SINGAPORE (Reuters) - Singapore Airlines Ltd (SIAL.SI) unveiled one of the world’s most luxurious first class offerings for the Airbus A380, as part of an $850 million product investment as it tries to retain premium customers amid tough competition from industry rivals.
The spacious suites on its A380 will rival those of Middle Eastern rivals Etihad Airways and Emirates for the crown of the world’s top first class, although unlike those airlines, Singapore Airlines has chosen not to install in-flight showers.
They will enter service in December on the first of five new A380 aircraft joining its fleet, and the retrofit work will also take place on 14 existing aircraft, it said in a statement.
The new A380s will have six first class seats, compared with 12 on the older ones.
“We are confident the result will genuinely wow our customers,” CEO Goh Choon Phong said at a media briefing to unveil the products on Thursday.
Some carriers, including United Airlines and Qantas Airways (QAN.AX), have not installed first class on newer aircraft given a much higher demand for business class, which now often has fully flat-beds that were once exclusive to first class.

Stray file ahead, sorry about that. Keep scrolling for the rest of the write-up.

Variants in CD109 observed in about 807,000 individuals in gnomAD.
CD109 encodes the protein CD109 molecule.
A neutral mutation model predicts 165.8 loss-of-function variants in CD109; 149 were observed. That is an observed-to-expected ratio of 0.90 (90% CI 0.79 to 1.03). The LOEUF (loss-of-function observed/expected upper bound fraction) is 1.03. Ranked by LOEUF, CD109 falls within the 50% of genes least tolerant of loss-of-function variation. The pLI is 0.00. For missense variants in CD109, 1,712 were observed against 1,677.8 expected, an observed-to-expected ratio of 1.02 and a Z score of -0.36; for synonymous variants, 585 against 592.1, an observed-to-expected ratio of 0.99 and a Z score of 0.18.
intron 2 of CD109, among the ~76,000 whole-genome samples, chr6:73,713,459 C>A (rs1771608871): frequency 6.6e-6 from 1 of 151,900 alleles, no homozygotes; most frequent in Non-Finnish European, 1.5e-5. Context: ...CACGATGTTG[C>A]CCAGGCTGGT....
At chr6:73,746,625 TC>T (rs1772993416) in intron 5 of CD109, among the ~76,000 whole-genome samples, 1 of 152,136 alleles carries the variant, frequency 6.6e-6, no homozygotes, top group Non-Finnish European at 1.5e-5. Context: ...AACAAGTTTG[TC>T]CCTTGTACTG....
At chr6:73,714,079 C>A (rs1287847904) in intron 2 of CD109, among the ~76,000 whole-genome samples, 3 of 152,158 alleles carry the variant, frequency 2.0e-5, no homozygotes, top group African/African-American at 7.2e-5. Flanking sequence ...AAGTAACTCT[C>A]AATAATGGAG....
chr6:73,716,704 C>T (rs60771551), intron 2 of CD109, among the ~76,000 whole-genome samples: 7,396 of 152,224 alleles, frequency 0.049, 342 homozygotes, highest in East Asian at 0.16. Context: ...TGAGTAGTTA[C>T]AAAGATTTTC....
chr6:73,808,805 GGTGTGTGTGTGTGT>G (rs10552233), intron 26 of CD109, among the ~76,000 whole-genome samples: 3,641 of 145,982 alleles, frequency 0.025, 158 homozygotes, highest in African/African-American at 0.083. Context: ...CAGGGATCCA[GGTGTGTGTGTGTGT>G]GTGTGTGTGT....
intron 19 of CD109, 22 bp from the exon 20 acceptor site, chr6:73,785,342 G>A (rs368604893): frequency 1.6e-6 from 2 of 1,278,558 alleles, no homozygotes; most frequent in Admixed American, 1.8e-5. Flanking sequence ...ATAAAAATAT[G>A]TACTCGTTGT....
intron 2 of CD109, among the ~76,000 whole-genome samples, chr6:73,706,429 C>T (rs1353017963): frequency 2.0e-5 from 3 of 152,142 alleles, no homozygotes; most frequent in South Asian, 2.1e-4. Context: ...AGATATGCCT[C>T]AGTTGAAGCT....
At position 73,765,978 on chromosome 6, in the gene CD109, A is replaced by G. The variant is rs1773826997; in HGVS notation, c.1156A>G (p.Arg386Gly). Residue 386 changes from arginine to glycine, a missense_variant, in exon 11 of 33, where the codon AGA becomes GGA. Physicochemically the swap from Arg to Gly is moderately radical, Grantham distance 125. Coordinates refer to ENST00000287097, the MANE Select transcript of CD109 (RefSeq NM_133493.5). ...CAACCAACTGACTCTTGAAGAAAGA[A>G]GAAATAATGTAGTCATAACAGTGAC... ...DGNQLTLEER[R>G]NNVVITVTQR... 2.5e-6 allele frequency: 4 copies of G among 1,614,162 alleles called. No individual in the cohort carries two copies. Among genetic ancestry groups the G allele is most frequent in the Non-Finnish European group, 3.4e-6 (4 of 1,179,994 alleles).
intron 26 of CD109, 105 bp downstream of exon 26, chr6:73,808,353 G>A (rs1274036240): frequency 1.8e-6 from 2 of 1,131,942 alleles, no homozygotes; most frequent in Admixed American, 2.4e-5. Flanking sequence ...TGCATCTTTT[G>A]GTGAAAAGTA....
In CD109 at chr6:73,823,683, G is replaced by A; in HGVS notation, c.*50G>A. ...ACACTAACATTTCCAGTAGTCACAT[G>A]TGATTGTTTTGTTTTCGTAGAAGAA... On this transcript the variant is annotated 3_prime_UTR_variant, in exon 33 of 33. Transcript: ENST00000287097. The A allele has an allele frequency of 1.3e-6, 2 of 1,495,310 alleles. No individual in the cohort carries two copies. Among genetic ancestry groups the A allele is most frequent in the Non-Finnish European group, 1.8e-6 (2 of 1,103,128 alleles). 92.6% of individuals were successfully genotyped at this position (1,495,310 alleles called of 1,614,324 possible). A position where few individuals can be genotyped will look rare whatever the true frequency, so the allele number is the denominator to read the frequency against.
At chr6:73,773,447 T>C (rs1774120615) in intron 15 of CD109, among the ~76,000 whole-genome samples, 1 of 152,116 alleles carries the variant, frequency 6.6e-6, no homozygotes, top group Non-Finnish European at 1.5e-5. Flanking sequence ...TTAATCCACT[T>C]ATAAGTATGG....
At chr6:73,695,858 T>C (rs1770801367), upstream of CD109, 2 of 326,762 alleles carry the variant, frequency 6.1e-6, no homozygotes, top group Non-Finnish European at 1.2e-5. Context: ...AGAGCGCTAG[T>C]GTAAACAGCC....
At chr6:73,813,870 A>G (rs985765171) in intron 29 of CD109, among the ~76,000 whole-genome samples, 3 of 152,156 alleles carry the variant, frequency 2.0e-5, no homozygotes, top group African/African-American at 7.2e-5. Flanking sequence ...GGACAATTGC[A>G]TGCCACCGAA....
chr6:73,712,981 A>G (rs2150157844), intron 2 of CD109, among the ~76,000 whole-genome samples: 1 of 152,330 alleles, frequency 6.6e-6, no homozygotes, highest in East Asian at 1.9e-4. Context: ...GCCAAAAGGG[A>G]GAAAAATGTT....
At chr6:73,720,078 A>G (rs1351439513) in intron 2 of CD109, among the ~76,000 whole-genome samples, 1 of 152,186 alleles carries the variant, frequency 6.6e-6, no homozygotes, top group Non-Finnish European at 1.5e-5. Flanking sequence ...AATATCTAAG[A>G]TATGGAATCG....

But for other airlines, first class remains a showpiece for attracting elite passengers and for broader brand marketing.
Singapore Airlines offers first class customers a choice of Dom Perignon or Krug Champagne and suites that can combine into a double bed for passengers traveling together.
Singapore Airlines is also improving its business class, premium economy and economy products in the newly fitted A380s, the first of which will start flying from Singapore to Sydney on Dec. 18.
In 2007, Sydney was the destination for the A380’s first-ever commercial flight on Singapore Airlines. The Singaporean carrier is a major player in the highly competitive “Kangaroo route” between Australia and Europe.
Singapore Airlines and Hong Kong-based rival Cathay Pacific Airways Ltd (0293.HK) are struggling against mounting international competition from Chinese and Middle Eastern rivals, without domestic flights to underpin their earnings.
After a surprise fourth-quarter loss, Singapore Airlines set up a dedicated transformation office to review its strategy in May, although it has not released a cost-cutting target.
The carrier intends to cut fuel use, review its supplier relationships and invest in digital technology under a three-year transformation plan to boost its competitiveness, according to an internal newsletter released in September.
Singapore Airlines has also begun deploying low-cost carrier Scoot on long-haul routes with lower premium demand, including Athens and Honolulu.